Considering that batteries are typically designed for maximum longevity, it may seem odd to learn that the U.S. Defense Advanced Research Projects Agency (DARPA) is ramping up research into self-destructing batteries.
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Odd or not, DARPA awarded a $4.7 million contract last week to SRI International, an independent research organization based in Menlo Park, CA, to develop a transient power supply that, when triggered, becomes unobservable to the human eye.
More specifically, SRI International will design a vanishing silicon, air battery for use by DARPA customers.
The military’s rationale for developing such a battery is more persuasive than many people may realize.
The U.S. Army has begun deploying a stream of advanced battlefield electronics for soldiers, including next-generation fused thermal and night vision goggles, more accurate laser targeting systems and devices for generating electrical power in the field.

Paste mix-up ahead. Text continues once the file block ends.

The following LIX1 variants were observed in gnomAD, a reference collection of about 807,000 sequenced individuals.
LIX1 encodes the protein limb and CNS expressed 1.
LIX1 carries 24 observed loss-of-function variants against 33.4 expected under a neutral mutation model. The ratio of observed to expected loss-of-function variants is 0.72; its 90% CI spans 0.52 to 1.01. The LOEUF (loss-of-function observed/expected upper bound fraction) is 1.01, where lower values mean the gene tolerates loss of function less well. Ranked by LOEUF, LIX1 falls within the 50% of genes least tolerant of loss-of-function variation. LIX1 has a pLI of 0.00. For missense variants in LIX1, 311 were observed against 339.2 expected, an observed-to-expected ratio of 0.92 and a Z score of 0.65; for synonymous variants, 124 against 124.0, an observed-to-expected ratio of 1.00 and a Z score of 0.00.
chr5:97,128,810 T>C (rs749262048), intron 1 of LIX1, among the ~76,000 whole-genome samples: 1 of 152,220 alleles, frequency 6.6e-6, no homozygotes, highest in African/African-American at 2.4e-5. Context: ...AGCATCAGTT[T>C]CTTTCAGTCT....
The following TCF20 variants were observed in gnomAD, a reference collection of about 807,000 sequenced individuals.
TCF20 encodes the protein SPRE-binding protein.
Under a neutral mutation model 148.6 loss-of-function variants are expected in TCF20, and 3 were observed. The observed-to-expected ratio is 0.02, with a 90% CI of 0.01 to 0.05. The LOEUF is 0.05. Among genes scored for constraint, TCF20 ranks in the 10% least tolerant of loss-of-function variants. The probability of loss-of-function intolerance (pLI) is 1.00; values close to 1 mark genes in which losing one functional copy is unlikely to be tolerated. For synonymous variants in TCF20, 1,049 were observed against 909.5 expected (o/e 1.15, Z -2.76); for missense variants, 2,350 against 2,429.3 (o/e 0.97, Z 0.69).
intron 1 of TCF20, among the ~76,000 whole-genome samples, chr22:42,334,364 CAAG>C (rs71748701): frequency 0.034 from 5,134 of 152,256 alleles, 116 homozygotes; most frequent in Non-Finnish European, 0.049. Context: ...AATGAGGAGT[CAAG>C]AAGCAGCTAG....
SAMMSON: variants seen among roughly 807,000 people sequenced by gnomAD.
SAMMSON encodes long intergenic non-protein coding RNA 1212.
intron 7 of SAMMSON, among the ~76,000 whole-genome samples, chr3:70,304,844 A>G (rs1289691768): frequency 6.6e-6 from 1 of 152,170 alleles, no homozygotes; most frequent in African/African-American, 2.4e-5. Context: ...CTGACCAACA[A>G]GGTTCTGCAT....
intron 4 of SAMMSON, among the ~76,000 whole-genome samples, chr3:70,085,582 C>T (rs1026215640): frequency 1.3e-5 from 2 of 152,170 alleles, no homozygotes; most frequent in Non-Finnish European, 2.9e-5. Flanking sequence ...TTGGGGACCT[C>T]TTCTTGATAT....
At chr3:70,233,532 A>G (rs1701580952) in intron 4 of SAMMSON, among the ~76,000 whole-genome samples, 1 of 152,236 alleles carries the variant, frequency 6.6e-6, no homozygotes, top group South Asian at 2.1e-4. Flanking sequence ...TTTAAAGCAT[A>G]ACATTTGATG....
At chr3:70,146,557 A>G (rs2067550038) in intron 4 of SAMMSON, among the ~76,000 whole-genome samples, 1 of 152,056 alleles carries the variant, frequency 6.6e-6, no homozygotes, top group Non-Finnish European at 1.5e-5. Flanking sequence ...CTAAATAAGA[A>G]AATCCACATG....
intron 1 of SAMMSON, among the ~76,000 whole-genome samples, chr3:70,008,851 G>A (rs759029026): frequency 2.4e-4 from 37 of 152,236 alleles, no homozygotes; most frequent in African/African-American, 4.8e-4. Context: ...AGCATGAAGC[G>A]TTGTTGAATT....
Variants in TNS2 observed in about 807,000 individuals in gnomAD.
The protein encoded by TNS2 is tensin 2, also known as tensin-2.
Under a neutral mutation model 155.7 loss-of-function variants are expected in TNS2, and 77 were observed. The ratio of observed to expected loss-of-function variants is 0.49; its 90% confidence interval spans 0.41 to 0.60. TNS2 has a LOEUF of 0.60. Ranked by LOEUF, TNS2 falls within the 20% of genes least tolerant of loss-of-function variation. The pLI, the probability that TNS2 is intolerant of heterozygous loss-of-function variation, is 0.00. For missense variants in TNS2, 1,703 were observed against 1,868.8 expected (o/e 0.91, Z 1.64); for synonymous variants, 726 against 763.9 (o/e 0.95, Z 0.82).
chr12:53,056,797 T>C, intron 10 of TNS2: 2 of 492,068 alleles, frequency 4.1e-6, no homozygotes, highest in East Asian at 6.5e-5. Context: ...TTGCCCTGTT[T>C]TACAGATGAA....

These applications are only the start.
Soon, the Army could be deploying computerized, numerically controlled 3-D printing machines in mobile shipping containers, which could be used to create and “print” physical solutions to specific problems encountered in the field.
One factor that could prevent deployment of these new capabilities is the inability to control assets after they’ve entered the battle space.
Equipment can be lost or captured by enemy forces. Sooner or later, the cat will get out of the bag – unless the bag is designed to self-destruct.
That capability is the objective of DARPA’s Vanishing Programmable Resources (VAPR), which is developing embedded computing and other electronic components able to decompose into the surrounding environment when no longer needed.
“DARPA is looking for a way to make electronics that last precisely as long as they are needed,” says Alicia Jackson, the VAPR program manager at DARPA. “The breakdown of such devices could be triggered by a signal sent from command or any number of possible environmental conditions, such as temperature.”
Once triggered to dissolve, these electronics would be useless to any enemy who might come across them.
In early December, Honeywell Microelectronics & Precision Sensors won a $2.5 million contract from DARPA to pursue transient electronics for military and medical applications.
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